The conversation can begin simply.

Here’s what I say to vaccine-hesitant parents: You work hard to protect your child every day. Vaccines are as important as feeding your child healthy foods, using a car seat or seat belt and installing a smoke detector.

Here’s what I ask vaccine-hesitant parents: What information can I provide to help you make an informed decision, or to help you feel comfortable with vaccinating your child?  As with most of what we pediatricians do, my goal is to partner with the parent so that we help their child to attain optimal health as a team.

I am a parent. Although my husband and I did not hesitate in vaccinating our daughter, I understand why parents want to feel comfortable about the choices they make for their children.

I also am a pediatrician. I have seen children die from the flu or develop a life-threatening brain infection from chickenpox.  Thanks to the herd immunity that results from decades of vaccination, many of these diseases are now rare in the United States, but there are still episodic outbreaks throughout the country that remind us why we vaccinate children.

Vaccinating is the norm.  Only about 1 percent of children in the United States receive no vaccinations. Most parents who are hesitant about vaccines are not opposed to immunizing their children; they are unsure or have unanswered questions. Fortunately, most vaccine-hesitant parents are responsive to receiving information about vaccines, consider vaccinating their children and do not oppose all vaccines.

When it comes to vaccine-hesitant parents, one-on-one counseling is effective. The single most important factor in parents deciding to accept vaccines is one-on-one contact with an informed, caring and concerned pediatrician.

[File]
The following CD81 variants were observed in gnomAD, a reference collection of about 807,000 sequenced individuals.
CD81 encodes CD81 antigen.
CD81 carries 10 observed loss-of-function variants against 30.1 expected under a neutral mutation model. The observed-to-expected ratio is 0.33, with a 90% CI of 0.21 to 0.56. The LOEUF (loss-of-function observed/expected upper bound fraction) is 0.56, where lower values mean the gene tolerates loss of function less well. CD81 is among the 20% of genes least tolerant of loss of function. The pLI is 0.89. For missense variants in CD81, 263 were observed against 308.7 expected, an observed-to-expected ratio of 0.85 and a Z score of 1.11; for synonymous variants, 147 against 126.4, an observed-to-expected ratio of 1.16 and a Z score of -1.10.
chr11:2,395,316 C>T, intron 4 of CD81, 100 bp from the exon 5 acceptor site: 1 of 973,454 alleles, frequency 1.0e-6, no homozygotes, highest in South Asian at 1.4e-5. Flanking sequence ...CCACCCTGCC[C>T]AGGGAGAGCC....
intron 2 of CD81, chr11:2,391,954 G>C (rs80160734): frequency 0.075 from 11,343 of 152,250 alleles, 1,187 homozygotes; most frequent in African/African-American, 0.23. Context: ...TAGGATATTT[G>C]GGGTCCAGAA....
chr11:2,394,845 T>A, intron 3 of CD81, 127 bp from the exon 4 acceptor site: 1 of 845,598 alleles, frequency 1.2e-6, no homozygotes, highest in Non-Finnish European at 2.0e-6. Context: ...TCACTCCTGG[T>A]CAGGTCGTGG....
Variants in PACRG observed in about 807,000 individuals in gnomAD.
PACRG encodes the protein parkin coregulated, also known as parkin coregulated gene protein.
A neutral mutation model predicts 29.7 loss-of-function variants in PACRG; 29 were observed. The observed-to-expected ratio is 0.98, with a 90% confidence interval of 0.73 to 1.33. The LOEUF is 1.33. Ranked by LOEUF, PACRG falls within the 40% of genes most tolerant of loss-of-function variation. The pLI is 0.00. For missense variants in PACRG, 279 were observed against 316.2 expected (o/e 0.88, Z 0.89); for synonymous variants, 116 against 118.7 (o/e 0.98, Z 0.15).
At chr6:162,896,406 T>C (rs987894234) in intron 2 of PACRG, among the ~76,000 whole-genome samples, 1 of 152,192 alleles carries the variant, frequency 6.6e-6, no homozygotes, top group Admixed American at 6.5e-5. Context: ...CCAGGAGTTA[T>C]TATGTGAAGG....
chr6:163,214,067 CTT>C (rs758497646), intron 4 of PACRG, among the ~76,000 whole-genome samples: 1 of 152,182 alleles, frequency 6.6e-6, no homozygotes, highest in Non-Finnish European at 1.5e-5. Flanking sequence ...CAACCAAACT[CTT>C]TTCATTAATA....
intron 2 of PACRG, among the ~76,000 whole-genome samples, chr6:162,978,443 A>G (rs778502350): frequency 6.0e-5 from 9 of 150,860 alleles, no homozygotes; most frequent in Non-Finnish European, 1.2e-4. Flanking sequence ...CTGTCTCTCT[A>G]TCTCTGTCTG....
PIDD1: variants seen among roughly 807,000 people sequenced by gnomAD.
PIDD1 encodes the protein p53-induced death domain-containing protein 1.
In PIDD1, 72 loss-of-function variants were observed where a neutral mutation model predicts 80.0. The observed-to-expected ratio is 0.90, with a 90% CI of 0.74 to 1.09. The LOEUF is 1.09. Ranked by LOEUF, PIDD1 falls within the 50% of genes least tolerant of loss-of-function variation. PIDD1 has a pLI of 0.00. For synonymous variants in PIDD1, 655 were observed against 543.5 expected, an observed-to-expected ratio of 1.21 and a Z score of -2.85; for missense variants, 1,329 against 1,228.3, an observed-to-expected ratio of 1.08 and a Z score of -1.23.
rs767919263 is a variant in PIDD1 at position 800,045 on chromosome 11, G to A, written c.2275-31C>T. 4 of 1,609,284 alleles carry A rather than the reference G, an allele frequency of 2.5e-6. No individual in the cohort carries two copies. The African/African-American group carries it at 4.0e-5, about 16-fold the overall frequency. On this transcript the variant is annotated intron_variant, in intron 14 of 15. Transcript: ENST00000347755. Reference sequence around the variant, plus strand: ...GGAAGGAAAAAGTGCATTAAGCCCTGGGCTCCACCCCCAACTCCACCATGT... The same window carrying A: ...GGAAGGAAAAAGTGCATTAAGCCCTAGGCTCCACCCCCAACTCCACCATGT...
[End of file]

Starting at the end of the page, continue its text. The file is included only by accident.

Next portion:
About the Author

Lanre Omojokun FalusiLanre Omojokun Falusi, M.D., F.A.A.P.
General pediatrician and Associate Medical Director for Municipal and Regional Affairs at Child Health Advocacy Institute

Sarah B. Mulkey

Researchers tackle Zika’s unanswered questions

Youssef A. Kousa

Youssef A. Kousa, D.O., Ph.D., M.S., is examining whether interplays between certain genes make some women more vulnerable to symptomatic Zika infections.

A Maryland woman traveled to the Dominican Republic early in her pregnancy, spending three weeks with family. She felt dizzy and tired and, at first, attributed the lethargy to jet lag. Then, she experienced a rash that lasted about four days. She never saw a bite or slapped a mosquito while in the Dominican Republic but, having heard about the Zika virus, asked to be tested.

Her blood tested positive for Zika.

Why was this pregnant woman infected by Zika while others who live year-round in Zika hot zones remain free of the infectious disease? And why was she among the slim minority of Zika-positive people to show symptoms?